Back in August 2005 at the tender age of 78 Charles Stock, realising that he did not have many years of sailing left, undertook a voyage to revisit some of the further reaches of the Suffolk and North Essex Rivers one last time. His plan was to visit the heads of navigation of the Alde, Deben, Orwell, Stour and Walton Backwaters in one trip and he documented this trip in his article entitled "Goodbye Suffolk" on his website.
In 2025 it will be twenty years since that voyage and what better way to celebrate that by attempting to do something similar in Naiad. That gives me two years to prepare by visiting each of the rivers and scouting out the areas which would have been very familiar to Charles after 40 years of sailing the East Coast.
Whilst the head of navigation for these rivers may have been accessible back in 2005, the very nature of the East Coast may mean that some of these have silted up and are no longer accessible. If this is the case then the aim will be to travel as fas a possible along the same route.
Dylan Winter sailed to the same places during the early years of his Keep Turning Left cruising series but these are undated so I've no idea when he made the visits. At a rough guess it will have been around 15 years ago.
Still, a search on the InterWeb suggests that all the heads of navigation that Charles reached in 2005 still have water at high tide but it remains to be seen if they can be reached in Naiad.
I have an advantage over Shoal Waters in that Naiad is accessible for a greater range of tides than she was and Naiad is 2-3 hours further up the coast, however, that does cause other logistical issues that I will have to work on over the coming years.
The route Charles took is as follows:
Day 1: Left his mooring at the Blackwater Sailing Club around noon, 2 hours before High Water and sail up the coast to Hamford Water where he anchored for the night.
Day 2: Sail further up the coast to cross the Ore Bar just as the tide turned and thence up to the Snape, then back to moor overnight in the lower reaches of the Butley river.
Day 3: Sail down the coast to catch the flood over the Deben Bar and up to Wilford Bridge, then back down the Deben to spend the night on the mud on the Western side of the river opposite Ramsholt.
Day 4: Sail down the coast to Languard Point and up the river Orwell to the dock gates at Ipswitch. The night was spend just below Pin Mill where he "beached for the night below Pin Mill in traditional style and after a walk, had a meal at the Butt and Oyster".
Day 5: Sail down the river Orwell and around Bloody Point where he anchored west of the marina channel for breakfast and once the flood had set up he sailed up the river Stour to Manningtree. From there he sailed down the river, out into the sea and thence to Walton where he moored for the night on soft mud towards Dunmore Creek.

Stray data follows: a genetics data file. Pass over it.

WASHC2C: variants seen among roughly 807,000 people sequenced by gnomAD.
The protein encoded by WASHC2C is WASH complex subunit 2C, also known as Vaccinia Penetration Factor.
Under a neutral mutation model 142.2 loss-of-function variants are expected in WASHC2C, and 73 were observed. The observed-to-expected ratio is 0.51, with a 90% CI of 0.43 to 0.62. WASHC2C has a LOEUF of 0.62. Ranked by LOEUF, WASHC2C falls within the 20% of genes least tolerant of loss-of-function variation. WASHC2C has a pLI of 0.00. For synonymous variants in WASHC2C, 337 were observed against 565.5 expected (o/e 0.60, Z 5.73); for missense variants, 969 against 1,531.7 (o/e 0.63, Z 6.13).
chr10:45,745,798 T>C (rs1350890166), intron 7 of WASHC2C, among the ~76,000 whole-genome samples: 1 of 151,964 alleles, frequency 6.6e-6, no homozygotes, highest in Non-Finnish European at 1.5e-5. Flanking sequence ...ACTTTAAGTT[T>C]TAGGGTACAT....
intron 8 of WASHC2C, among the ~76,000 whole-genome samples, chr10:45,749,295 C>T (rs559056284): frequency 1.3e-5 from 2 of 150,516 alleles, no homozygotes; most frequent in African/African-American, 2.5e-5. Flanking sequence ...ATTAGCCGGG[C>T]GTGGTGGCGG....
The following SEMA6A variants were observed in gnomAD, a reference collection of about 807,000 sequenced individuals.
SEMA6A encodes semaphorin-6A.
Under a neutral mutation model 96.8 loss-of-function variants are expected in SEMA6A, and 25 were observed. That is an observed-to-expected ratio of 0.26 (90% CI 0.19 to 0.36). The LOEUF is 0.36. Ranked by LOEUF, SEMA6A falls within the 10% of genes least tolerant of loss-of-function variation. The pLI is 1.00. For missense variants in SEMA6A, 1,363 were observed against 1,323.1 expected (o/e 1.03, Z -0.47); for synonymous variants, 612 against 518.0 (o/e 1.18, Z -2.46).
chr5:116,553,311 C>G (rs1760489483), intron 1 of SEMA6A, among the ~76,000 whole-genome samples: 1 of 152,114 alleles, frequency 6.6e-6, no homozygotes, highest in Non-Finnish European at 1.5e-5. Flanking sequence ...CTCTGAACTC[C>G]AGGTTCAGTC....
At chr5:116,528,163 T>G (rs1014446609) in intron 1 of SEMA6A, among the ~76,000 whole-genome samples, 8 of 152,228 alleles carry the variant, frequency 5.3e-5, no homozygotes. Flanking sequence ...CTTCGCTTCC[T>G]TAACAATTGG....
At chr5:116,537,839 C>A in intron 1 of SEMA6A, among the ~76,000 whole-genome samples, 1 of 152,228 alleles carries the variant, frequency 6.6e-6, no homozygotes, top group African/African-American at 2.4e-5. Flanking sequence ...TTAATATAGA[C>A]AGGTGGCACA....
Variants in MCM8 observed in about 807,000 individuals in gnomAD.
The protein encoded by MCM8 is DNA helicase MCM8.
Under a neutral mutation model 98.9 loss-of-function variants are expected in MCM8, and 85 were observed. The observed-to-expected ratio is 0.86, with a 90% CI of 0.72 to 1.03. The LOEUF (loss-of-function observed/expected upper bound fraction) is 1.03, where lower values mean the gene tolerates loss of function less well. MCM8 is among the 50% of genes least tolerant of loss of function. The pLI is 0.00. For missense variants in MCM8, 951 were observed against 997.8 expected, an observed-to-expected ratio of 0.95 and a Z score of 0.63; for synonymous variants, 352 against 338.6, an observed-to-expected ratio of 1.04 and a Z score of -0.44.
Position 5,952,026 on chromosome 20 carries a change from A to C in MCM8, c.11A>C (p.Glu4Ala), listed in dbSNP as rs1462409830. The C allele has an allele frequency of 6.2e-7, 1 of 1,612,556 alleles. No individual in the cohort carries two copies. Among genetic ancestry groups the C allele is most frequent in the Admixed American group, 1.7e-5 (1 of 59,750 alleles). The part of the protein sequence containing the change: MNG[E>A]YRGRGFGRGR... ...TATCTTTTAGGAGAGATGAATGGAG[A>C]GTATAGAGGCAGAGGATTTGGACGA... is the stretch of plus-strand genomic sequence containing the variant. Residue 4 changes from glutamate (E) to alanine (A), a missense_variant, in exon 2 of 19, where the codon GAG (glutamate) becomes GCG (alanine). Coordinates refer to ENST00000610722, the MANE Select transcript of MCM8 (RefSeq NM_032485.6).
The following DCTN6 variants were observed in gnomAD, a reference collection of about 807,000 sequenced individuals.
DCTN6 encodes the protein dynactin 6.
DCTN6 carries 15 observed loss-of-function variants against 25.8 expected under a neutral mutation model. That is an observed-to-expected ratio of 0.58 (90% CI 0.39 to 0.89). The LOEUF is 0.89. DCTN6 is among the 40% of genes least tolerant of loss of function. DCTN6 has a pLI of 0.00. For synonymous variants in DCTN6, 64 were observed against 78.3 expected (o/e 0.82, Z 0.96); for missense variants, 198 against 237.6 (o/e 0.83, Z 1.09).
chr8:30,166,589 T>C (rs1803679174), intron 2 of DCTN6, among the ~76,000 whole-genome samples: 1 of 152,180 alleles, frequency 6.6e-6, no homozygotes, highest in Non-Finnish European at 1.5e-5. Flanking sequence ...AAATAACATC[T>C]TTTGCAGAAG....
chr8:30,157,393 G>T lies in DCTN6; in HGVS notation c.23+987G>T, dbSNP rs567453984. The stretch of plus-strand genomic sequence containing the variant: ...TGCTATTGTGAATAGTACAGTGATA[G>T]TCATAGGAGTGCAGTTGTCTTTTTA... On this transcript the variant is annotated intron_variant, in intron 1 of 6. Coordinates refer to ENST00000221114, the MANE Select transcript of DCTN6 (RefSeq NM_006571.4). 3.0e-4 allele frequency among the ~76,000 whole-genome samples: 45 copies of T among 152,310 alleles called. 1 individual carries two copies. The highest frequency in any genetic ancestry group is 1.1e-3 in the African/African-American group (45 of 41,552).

Day 6: He moved over to Walton Stone to walk over the golden sands before breakfast. Then to the club to go shopping and to fill up the water cans; then back into the Twizzle and across the Wade to Kirby Creek, thence Hamford Water and on to Landmere. From there he sailed to Beaumont Quay Then back to the Bustway where he moored for the night.
Day 7: He left Hamford very early to be able to cut close round the Stone Point instead of going right out to the end of the Pye Sand, then down the coast to the Blackwater and up river to his mooring.
All told a 7 day trip covering "about one hundred and ninety nautical miles in just over sixty hours under way; having visited the head of navigation at each of the five Suffolk and north Essex estuaries.".
Recreating this trip exactly will be nigh on impossible and for a number of reasons. I don't have the 40 years of sailing experience along this coast that made this an easy trip for Charles, he knew the area so well that he probably did not even have to use his charts. It is also unlikely that the weather conditions will exactly match the weather that week in August 2005. Nor it is likely that I will be able to take the time off work at very short notice should the weather conditions and tide coincide. Charles, after all, was retired when he made this trip. Perhaps I will be able to do something like this in 2030 at the 25th anniversary of this voyage. Or even 2035 at the 30th anniversary should I still be hale and hearty. This one would be particularly poignant since I will also be 78 in 2035.
As a result 2025 will see me attempt to visit the same places as he did, just over the season rather than in just 7 consecutive days.
One of the many things for which Charles was renowned was to change his sailing destination to suit the weather. He thought nothing of setting off for one place only to turn around and go somewhere else if the wind changed. He tried to get to his destination but was not fixated upon it and always tried to use the wind and tide to his utmost advantage. He didn't have an engine, not even an outboard, and I remember well his admonition that "if the tide is against you, anchor and wait until it isn't". Now that have an engineless boat this way of sailing is something I have to adopt. Most of my sailing life has been in vessels with engines.